Four-year-old Lyla Stott is friendly, talkative and always happy. It's hard to imagine a nicer kid to be around.
But before she was two years old her parents received a devastating diagnosis.
Lyla has neurofibromatosis (NF), one of Australia's most commonly diagnosed genetic neurological conditions.
Progressive and unpredictable, it causes tumours to form on nerves in the body, including the skin, brain, and spine.
These tumours can lead to physical differences, blindness, deafness, learning difficulties, chronic pain, and scoliosis.
In 10 per cent of people living with NF, these tumours can become cancerous. There is no cure and treatment options are limited.
Lyla's mum, Amanda, wanted to share her story for the Childrens Tumour Foundation this NF awareness month, as many people are unaware the condition exists.
"When we first found out about Lyla it was devastating, just what a complex condition it is and how many horrible things can come with it," she said.
"We couldn't find any positive stories or anything we could relate to, just worst-case scenarios and literature.
"We want to help any other family that's going through the process of finding out, so they realise there are people who have come out the other end and there is support out there, especially in our area."
Although Lyla's diagnosis has come with its own set of challenges, she has taken them all in stride.
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Amanda's biggest worries are similar to those of most mums.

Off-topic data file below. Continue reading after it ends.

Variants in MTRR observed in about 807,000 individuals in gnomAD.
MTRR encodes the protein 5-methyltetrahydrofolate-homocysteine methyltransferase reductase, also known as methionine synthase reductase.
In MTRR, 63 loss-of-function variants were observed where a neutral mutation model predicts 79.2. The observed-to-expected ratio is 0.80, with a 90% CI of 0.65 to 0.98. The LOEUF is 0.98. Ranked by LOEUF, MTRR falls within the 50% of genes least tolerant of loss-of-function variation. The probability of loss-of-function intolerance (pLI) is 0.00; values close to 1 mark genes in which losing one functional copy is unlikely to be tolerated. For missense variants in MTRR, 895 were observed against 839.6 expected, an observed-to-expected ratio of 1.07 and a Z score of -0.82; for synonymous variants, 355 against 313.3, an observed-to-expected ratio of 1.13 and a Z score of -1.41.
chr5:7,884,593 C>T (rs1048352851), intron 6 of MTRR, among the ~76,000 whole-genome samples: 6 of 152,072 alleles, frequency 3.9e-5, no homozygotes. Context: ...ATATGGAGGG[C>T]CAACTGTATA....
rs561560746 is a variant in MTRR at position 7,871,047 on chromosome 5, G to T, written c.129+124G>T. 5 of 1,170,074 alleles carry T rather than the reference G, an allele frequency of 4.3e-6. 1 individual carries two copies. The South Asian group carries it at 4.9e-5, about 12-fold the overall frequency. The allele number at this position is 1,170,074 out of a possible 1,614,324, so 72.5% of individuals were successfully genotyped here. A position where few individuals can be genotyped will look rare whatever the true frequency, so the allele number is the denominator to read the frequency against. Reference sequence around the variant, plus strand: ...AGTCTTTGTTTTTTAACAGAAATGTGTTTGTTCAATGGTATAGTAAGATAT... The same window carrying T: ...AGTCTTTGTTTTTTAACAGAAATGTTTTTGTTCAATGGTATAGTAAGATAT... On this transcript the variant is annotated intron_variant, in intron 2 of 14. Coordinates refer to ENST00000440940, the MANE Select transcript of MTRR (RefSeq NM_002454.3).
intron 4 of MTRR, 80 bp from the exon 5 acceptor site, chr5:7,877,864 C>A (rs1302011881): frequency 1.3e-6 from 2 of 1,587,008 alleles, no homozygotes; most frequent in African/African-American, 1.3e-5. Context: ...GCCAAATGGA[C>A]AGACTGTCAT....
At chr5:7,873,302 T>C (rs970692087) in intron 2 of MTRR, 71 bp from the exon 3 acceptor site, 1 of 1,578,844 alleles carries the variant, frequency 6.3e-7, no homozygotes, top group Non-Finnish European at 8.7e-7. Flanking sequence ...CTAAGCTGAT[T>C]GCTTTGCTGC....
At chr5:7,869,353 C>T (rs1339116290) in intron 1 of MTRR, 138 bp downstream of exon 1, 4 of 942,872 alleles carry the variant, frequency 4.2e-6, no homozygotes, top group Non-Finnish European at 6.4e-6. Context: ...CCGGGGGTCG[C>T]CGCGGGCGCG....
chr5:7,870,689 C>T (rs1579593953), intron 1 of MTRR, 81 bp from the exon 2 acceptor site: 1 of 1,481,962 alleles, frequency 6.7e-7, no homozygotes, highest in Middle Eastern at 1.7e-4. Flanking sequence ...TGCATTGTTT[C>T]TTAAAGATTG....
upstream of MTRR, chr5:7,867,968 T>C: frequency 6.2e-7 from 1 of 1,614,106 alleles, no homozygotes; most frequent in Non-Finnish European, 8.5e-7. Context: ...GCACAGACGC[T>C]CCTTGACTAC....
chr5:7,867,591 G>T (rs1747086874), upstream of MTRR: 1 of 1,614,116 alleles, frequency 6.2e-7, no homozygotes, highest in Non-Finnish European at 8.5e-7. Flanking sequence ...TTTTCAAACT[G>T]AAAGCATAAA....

The Albion Park mum, from NSW's south coast, worries when Lyla starts school next year other children might not accept her, or be unkind about her physical differences.
She also has worries that are more specific to NF.
"I also worry about her tumours - that they might grow, they might turn cancerous, or affect her mobility," Amanda said.
"It's a worry of all NF mums."
Her hopes for Lyla are the same hopes any mum has for their child - that Lyla grows up happy, confident in her skin and surrounded by people who love and appreciate her.
"The slogan for NF Awareness Month this year is 'bringing it out of the shadows'," Amanda said.
"We want to help bring it out of the shadows, to build a better awareness of NF and the ways it affects people, so Lyla and children like her will be understood and accepted."
Visit www.ctf.org.au/outoftheshadows to find out more about NF, and find out ways you can support children with NF and their families.
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